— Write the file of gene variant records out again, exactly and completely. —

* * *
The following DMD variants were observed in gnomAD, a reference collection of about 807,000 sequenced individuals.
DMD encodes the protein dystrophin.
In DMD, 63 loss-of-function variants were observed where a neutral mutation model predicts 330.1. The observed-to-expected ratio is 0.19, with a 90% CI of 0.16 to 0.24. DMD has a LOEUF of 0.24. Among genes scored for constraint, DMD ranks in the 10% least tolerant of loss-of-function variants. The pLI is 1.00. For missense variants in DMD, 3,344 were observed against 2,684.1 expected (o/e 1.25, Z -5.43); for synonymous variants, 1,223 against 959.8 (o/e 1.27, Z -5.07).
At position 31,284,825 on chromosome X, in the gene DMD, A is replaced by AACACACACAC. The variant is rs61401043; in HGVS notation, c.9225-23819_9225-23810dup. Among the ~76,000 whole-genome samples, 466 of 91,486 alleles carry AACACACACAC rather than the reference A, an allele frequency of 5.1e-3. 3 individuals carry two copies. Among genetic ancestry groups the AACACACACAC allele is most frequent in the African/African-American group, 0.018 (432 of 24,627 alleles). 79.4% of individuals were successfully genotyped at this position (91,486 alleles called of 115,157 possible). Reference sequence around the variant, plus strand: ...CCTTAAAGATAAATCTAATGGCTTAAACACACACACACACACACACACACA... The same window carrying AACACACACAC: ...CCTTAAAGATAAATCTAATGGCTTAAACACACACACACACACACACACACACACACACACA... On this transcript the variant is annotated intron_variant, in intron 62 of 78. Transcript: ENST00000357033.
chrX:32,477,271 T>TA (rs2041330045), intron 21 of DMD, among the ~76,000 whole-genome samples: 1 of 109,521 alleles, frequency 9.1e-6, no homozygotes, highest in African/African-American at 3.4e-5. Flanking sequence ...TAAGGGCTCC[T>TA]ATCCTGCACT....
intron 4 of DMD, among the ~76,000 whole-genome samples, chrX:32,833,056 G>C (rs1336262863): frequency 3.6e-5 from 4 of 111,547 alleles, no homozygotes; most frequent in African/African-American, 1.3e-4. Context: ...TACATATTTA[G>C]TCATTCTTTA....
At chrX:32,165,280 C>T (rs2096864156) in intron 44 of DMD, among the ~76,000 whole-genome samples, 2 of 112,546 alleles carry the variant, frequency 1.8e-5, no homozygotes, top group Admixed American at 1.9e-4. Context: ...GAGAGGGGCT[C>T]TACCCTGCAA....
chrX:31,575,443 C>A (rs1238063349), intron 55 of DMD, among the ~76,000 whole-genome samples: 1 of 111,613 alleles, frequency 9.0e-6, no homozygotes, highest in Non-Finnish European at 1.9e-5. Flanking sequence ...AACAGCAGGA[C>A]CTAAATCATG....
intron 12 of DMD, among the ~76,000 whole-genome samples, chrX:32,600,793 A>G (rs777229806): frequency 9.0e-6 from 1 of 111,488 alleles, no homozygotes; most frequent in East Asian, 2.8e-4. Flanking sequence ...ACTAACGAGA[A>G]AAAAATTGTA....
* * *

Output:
The following DMD variants were observed in gnomAD, a reference collection of about 807,000 sequenced individuals.
DMD encodes the protein dystrophin.
In DMD, 63 loss-of-function variants were observed where a neutral mutation model predicts 330.1. The observed-to-expected ratio is 0.19, with a 90% CI of 0.16 to 0.24. DMD has a LOEUF of 0.24. Among genes scored for constraint, DMD ranks in the 10% least tolerant of loss-of-function variants. The pLI is 1.00. For missense variants in DMD, 3,344 were observed against 2,684.1 expected (o/e 1.25, Z -5.43); for synonymous variants, 1,223 against 959.8 (o/e 1.27, Z -5.07).
At position 31,284,825 on chromosome X, in the gene DMD, A is replaced by AACACACACAC. The variant is rs61401043; in HGVS notation, c.9225-23819_9225-23810dup. Among the ~76,000 whole-genome samples, 466 of 91,486 alleles carry AACACACACAC rather than the reference A, an allele frequency of 5.1e-3. 3 individuals carry two copies. Among genetic ancestry groups the AACACACACAC allele is most frequent in the African/African-American group, 0.018 (432 of 24,627 alleles). 79.4% of individuals were successfully genotyped at this position (91,486 alleles called of 115,157 possible). Reference sequence around the variant, plus strand: ...CCTTAAAGATAAATCTAATGGCTTAAACACACACACACACACACACACACA... The same window carrying AACACACACAC: ...CCTTAAAGATAAATCTAATGGCTTAAACACACACACACACACACACACACACACACACACA... On this transcript the variant is annotated intron_variant, in intron 62 of 78. Transcript: ENST00000357033.
chrX:32,477,271 T>TA (rs2041330045), intron 21 of DMD, among the ~76,000 whole-genome samples: 1 of 109,521 alleles, frequency 9.1e-6, no homozygotes, highest in African/African-American at 3.4e-5. Flanking sequence ...TAAGGGCTCC[T>TA]ATCCTGCACT....
intron 4 of DMD, among the ~76,000 whole-genome samples, chrX:32,833,056 G>C (rs1336262863): frequency 3.6e-5 from 4 of 111,547 alleles, no homozygotes; most frequent in African/African-American, 1.3e-4. Context: ...TACATATTTA[G>C]TCATTCTTTA....
At chrX:32,165,280 C>T (rs2096864156) in intron 44 of DMD, among the ~76,000 whole-genome samples, 2 of 112,546 alleles carry the variant, frequency 1.8e-5, no homozygotes, top group Admixed American at 1.9e-4. Context: ...GAGAGGGGCT[C>T]TACCCTGCAA....
chrX:31,575,443 C>A (rs1238063349), intron 55 of DMD, among the ~76,000 whole-genome samples: 1 of 111,613 alleles, frequency 9.0e-6, no homozygotes, highest in Non-Finnish European at 1.9e-5. Flanking sequence ...AACAGCAGGA[C>A]CTAAATCATG....
intron 12 of DMD, among the ~76,000 whole-genome samples, chrX:32,600,793 A>G (rs777229806): frequency 9.0e-6 from 1 of 111,488 alleles, no homozygotes; most frequent in East Asian, 2.8e-4. Flanking sequence ...ACTAACGAGA[A>G]AAAAATTGTA....